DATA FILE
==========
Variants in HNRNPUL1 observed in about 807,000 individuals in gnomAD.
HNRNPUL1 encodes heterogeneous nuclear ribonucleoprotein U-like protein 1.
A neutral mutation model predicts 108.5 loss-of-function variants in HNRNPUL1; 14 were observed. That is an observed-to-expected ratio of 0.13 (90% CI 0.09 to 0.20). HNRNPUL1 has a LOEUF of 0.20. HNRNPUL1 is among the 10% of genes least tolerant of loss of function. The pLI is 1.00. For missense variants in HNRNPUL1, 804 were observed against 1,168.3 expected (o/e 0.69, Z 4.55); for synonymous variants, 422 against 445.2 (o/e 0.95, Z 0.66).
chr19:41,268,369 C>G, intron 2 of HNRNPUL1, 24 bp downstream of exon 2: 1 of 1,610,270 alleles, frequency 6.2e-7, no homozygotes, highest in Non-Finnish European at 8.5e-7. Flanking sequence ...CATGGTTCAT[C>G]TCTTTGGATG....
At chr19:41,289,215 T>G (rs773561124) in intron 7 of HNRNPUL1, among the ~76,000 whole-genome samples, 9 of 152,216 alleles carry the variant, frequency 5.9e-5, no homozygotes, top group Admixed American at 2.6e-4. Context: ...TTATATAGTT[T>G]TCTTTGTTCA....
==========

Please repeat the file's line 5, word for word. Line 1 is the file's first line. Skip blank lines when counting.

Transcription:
At chr19:41,289,215 T>G (rs773561124) in intron 7 of HNRNPUL1, among the ~76,000 whole-genome samples, 9 of 152,216 alleles carry the variant, frequency 5.9e-5, no homozygotes, top group Admixed American at 2.6e-4. Context: ...TTATATAGTT[T>G]TCTTTGTTCA....